PROGRAM NOTESOne of the most imaginative and compelling duo piano teams, Pierce & Jonas have been successfully performing and recording the unusual and neglected two piano repertoire of the 19th and 20th centuries since the mid-1980s. The duo has appeared with many symphony orchestras world-wide including those of Houston, San Antonio, Mexico City and Luxembourg as well as the Royal Philharmonic, Philharmonia, National Symphony of Polish Radio and Television, (Katowice), Luxembourg Radio Symphony, Slovak Philharmonic, State Philharmonic of Kosice, Czech Radio Symphony, Orchestra da Camera di Roma, Chicago Sinfonietta, San Antonio Symphony, Philharmonia Virtuosi and the Utah Symphony. Among their many recent performances include concert appearances in San Diego, Tijuana, Baja, Bratislava, Slovakia and various cities in the Czech Republic.
The Pierce and Jonas duo has performed and recorded all the standard repertoire for two pianos and orchestra as well as introduced and recorded many important twentieth century works including Walter Piston’s Concerto for Two Pianos, Benjamin Britten’s Scottish Ballad, Morton Gould’s Dance Variations for Two Pianos and Orchestra, Paul Creston’s Concerto for Two Pianos and Orchestra, Bohuslav Martinu’s Concerto for Two Pianos and Orchestra, as well as works by Nicolai Berezowsky, Francis Poulenc, Alexander Tansman and Gian Francisco Malipiero. Their recordings include John Cage’s Three Dances (Wergo), Charles Ives’ Three Pieces in Quartertones (Sony Classical and PITCH) along with the Concerto for Two Pianos & Orchestra (MMC) by the late American composer Robert Starer, who chose the Duo to give the European premier of the work.
In 1984, world-renowned Academy Award winning composer, Miklos Rozsa, offered to write for the team a work which became the Spellbound Concerto Fantasie for Two Pianos and Orchestra (a work twice as long as the original Spellbound score, including material not used on the original soundtrack). He also wrote for “Pierce & Jonas” his New England Concerto for Two Pianos based on music from the films Lydia and Time Out of Mind. The premier performance took place at Salt Lake City and at Snowbird with the Utah Symphony Orchestra, critically acclaimed performances that resulted in the team being invited to give a Command Performance for the Royal Family with the Philharmonia Orchestra at the Royal Festival Hall. In 1997, Pierce & Jonas gave the world premier performance of the Concerto for Two Pianos & Orchestra, composed for them by William Thomas McKinley, with the Czech Radio Symphony Orchestra conducted by Vladimir Valek in Prague. In 1999, Helicon released the world premiere recording of the 1958 Pulitzer Prize winning Concerto for Two Pianos and Orchestra (1953) by William Porter.
Starting in 1992, Mr. Pierce and Ms. Jonas presented a unique and exciting series of performances at CAMI Hall, New York University and at MicroFest in Trenton, New Jersey as part of Johnny Reinhard’s American Festival of MicroTonal Music. They presented first performances of two piano works by Stefen Konicek (Preludium, Blues and Toccata) and Roland Moser’s Homage AO as well as two-piano works by Alan Hohvaness, Mordecai Sandberg, Ivan Wyschnegradsky, Bruce Mather and Charles Ives.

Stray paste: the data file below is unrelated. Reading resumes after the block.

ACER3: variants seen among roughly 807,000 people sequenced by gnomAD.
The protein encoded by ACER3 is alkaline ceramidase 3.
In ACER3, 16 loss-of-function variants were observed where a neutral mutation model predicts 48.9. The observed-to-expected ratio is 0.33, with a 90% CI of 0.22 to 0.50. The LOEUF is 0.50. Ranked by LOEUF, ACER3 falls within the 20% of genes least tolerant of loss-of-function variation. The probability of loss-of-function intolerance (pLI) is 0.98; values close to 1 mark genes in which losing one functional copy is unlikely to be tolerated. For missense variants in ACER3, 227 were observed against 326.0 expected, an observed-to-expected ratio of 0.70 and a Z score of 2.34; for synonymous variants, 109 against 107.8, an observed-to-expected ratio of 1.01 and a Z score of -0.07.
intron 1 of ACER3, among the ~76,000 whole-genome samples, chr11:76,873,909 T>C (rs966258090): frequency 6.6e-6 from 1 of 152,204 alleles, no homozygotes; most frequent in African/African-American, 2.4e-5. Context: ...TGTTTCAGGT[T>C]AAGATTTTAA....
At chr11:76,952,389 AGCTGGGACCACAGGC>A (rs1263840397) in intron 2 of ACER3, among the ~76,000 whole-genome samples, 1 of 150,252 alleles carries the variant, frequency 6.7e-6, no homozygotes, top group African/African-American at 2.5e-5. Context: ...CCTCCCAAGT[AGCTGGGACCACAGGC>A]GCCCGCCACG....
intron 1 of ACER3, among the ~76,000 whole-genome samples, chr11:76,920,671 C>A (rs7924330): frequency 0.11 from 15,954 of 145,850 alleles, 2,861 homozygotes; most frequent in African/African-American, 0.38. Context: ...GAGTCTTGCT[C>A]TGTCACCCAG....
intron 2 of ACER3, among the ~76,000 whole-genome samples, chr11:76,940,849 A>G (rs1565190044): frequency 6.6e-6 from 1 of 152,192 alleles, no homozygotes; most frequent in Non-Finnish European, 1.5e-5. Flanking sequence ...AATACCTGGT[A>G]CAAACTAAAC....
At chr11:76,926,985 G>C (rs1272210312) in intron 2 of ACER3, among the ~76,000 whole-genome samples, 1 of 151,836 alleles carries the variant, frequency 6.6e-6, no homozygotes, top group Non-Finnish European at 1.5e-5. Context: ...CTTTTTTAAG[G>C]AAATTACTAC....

Paul Freeman was born in Richmond, Virginia, in 1936 and studied at the Eastman School of Music in Rochester and at the Hochschule für Musik in Berlin. He was music director of the Opera Theater of Rochester for six years and from 1979 to 1989 was music director of the Victoria Symphony in Canada and associate conductor of the Dallas and Detroit Symphony Orchestras. In 1987 he founded the Chicago Sinfonietta and in 1996 was appointed music director and chief conductor of the Czech National Symphony Orchestra in Prague, a position he holds simultaneously with the Chicago post. He has received many honors, including the Mahler Award for European Union of the Arts and has conducted more than 100 orchestras in 30 countries. Mr. Freeman has some 200 recordings to his credit including a nine-disc series tracing the history of black symphonic composers from 1750 to the present.
Founded in August 1968, the Slovak Philharmonic Orchestra quickly attained worldwide recognition due to the quality of its membership, and its ability to interpret a diverse repertoire. The rich discography of the ensemble is proof of their versatility. Their recordings of rarely heard works by composers such as Furtwangler, Raff, Rubinstein, Spohr and Waldteufel are in many cases world premieres, and have earned high praise from press and public alike. The orchestra is well-known and respected in the major cultural centers of Europe, Asia, United States and Mexico, and has collaborated with world renowned solo artists and conductors such as Luciano Pavarotti, Valery Gergiev, Emin Khachaturian, Igor Oistrakh, Jiri Belohlavek, Alexander Rahbari, Libor Pesek and others.
PROGRAMWOLFGANG AMADEUS MOZART
Concerto for Two Pianos and Orchestra in E-flat major, K.365
Sonata for Two Pianos in D major, K.448
Adagio and Fugue in C minor, K.546 / K.426
Larghetto and Allegro in E-flat major